Completely Delete Files with Cipher

Written by Eric Wyatt (last updated November 11, 2019)


For most of us, when we finish using a file and no longer need it on our computer, we simply delete the file. As you know, deleting the file only sends it to the Recycle Bin, which means the file can be restored at any time. Once you know for sure that you do not need the file(s) anymore, you might empty the Recycle Bin. What most users do not know is that the file is not actually deleted. Windows essentially removes the file from being visible and allows for new data to be written in its space if that space is needed.

This approach to deletion can come in handy as often the data can be recovered using data recovery software. This can pose a problem however if the file(s) you are deleting are sensitive or private in any way. If you press Shift+Delete to delete a file, which we're told will permanently delete the file, your file can still be recovered using data recovery software.

To safely and completely eliminate deleted files you need a way to actually overwrite the data that has been deleted. By overwriting the file's data, you can make it so the data is not recoverable with recovery software. There are third party programs available that say they will completely erase the files, but there is a way to do this that is built into Windows. It is using what is called the Cipher command from the Command prompt.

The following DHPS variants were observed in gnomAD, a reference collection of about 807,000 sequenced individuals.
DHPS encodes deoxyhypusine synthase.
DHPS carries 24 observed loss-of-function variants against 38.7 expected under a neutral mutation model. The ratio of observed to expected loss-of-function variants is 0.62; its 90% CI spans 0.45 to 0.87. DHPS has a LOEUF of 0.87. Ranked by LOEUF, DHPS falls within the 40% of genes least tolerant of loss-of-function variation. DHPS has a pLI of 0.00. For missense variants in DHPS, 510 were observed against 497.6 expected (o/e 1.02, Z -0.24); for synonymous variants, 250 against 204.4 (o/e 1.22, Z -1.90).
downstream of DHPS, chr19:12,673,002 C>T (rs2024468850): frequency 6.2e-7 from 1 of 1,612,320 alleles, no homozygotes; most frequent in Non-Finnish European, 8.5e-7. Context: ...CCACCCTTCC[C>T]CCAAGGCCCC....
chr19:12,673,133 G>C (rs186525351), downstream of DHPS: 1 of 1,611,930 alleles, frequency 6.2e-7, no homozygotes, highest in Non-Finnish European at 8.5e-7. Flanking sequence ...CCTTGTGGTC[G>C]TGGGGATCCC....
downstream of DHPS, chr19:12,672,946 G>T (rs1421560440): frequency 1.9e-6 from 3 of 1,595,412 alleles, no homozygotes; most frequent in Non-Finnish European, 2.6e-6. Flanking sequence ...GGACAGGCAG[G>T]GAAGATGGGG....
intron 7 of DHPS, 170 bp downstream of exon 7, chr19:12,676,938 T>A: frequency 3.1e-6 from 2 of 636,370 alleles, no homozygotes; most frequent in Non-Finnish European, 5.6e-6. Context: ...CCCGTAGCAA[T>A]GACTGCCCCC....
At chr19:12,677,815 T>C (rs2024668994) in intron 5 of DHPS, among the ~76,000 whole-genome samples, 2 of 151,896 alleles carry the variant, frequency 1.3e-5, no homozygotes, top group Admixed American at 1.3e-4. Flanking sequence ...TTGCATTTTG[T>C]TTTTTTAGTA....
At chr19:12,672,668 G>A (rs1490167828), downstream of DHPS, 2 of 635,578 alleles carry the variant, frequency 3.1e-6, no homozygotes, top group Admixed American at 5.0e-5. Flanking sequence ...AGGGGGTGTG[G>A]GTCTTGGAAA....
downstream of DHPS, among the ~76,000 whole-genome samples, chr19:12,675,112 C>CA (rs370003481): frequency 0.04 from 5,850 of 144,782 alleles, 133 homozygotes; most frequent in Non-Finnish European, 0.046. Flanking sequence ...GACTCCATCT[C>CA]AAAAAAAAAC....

Before you use this tip, you need to keep two important things in mind:

  1. All other programs MUST be closed before running.
  2. All previously deleted files will be permanently erased.

To use Cipher to permanently erase the previously deleted files, follow these steps:

  1. Press the Windows key and type (without quotes) "CMD." Do not press Enter yet; Windows should show you a few options on the screen.
  2. To use Cipher, you need to run Command Prompt as an Administrator. Either right-click on the Command Prompt search result and choose "Run As Administrator" or press Ctrl+Shift+Enter. Either approach launches Command Prompt in Admin mode. You will be able to tell it is in Admin mode if the resulting Command prompt window shows "\Windows\system32>" as the prompt. (See Figure 1.)
  3. Figure 1. Command Prompt showing that it is being run in Admin mode.

  4. Type (without quotes) "cipher /w:#" (# represents the drive for which you want to run Cipher. For most users this is the C drive) then press Enter. Cipher will start running. (See Figure 2.)
  5. Figure 2. The Command Prompt Window after Cipher has completed.

  6. Once completed close the Command Prompt window.

As Cipher runs it writes over all the available space three times. The first pass it writes the value 0x00 over each byte, then the value 0xFF, and then on the third pass it writes random values. This ensures that the data is garbled and non-retrievable.